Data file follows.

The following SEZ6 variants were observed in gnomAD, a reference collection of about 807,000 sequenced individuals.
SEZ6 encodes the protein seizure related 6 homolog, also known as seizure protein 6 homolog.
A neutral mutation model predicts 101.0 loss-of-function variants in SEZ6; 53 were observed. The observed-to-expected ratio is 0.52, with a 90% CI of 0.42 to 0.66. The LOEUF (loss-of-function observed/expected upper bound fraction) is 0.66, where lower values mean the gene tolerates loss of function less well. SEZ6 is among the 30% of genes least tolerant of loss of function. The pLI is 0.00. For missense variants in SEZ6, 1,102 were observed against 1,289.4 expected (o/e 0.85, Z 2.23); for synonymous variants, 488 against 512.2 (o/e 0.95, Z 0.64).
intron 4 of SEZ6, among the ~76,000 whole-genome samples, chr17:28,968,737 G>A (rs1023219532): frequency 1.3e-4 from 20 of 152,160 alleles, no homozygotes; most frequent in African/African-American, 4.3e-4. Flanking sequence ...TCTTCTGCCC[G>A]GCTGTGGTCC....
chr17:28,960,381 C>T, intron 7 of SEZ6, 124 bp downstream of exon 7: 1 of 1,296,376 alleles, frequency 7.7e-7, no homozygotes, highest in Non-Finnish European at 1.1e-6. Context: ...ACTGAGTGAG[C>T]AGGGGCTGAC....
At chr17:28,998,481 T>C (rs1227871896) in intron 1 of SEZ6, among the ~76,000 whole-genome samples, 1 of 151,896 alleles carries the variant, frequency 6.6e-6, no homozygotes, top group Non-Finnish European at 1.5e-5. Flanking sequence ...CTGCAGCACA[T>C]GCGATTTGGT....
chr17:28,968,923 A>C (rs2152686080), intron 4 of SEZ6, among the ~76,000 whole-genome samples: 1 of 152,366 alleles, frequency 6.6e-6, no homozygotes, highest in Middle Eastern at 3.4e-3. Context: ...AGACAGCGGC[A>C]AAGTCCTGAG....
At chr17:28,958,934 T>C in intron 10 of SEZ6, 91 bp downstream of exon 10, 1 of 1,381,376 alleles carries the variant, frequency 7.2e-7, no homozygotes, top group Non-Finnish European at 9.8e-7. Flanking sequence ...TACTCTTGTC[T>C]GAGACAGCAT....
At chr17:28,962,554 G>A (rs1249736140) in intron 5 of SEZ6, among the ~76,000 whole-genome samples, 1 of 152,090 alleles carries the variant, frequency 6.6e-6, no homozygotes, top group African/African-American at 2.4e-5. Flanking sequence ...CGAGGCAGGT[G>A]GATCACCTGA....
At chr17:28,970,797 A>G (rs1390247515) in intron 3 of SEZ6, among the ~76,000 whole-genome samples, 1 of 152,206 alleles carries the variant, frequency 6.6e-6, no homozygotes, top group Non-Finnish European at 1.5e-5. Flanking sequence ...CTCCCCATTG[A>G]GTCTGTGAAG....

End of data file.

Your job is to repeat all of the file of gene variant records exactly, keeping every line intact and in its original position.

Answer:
The following SEZ6 variants were observed in gnomAD, a reference collection of about 807,000 sequenced individuals.
SEZ6 encodes the protein seizure related 6 homolog, also known as seizure protein 6 homolog.
A neutral mutation model predicts 101.0 loss-of-function variants in SEZ6; 53 were observed. The observed-to-expected ratio is 0.52, with a 90% CI of 0.42 to 0.66. The LOEUF (loss-of-function observed/expected upper bound fraction) is 0.66, where lower values mean the gene tolerates loss of function less well. SEZ6 is among the 30% of genes least tolerant of loss of function. The pLI is 0.00. For missense variants in SEZ6, 1,102 were observed against 1,289.4 expected (o/e 0.85, Z 2.23); for synonymous variants, 488 against 512.2 (o/e 0.95, Z 0.64).
intron 4 of SEZ6, among the ~76,000 whole-genome samples, chr17:28,968,737 G>A (rs1023219532): frequency 1.3e-4 from 20 of 152,160 alleles, no homozygotes; most frequent in African/African-American, 4.3e-4. Flanking sequence ...TCTTCTGCCC[G>A]GCTGTGGTCC....
chr17:28,960,381 C>T, intron 7 of SEZ6, 124 bp downstream of exon 7: 1 of 1,296,376 alleles, frequency 7.7e-7, no homozygotes, highest in Non-Finnish European at 1.1e-6. Context: ...ACTGAGTGAG[C>T]AGGGGCTGAC....
At chr17:28,998,481 T>C (rs1227871896) in intron 1 of SEZ6, among the ~76,000 whole-genome samples, 1 of 151,896 alleles carries the variant, frequency 6.6e-6, no homozygotes, top group Non-Finnish European at 1.5e-5. Flanking sequence ...CTGCAGCACA[T>C]GCGATTTGGT....
chr17:28,968,923 A>C (rs2152686080), intron 4 of SEZ6, among the ~76,000 whole-genome samples: 1 of 152,366 alleles, frequency 6.6e-6, no homozygotes, highest in Middle Eastern at 3.4e-3. Context: ...AGACAGCGGC[A>C]AAGTCCTGAG....
At chr17:28,958,934 T>C in intron 10 of SEZ6, 91 bp downstream of exon 10, 1 of 1,381,376 alleles carries the variant, frequency 7.2e-7, no homozygotes, top group Non-Finnish European at 9.8e-7. Flanking sequence ...TACTCTTGTC[T>C]GAGACAGCAT....
At chr17:28,962,554 G>A (rs1249736140) in intron 5 of SEZ6, among the ~76,000 whole-genome samples, 1 of 152,090 alleles carries the variant, frequency 6.6e-6, no homozygotes, top group African/African-American at 2.4e-5. Flanking sequence ...CGAGGCAGGT[G>A]GATCACCTGA....
At chr17:28,970,797 A>G (rs1390247515) in intron 3 of SEZ6, among the ~76,000 whole-genome samples, 1 of 152,206 alleles carries the variant, frequency 6.6e-6, no homozygotes, top group Non-Finnish European at 1.5e-5. Flanking sequence ...CTCCCCATTG[A>G]GTCTGTGAAG....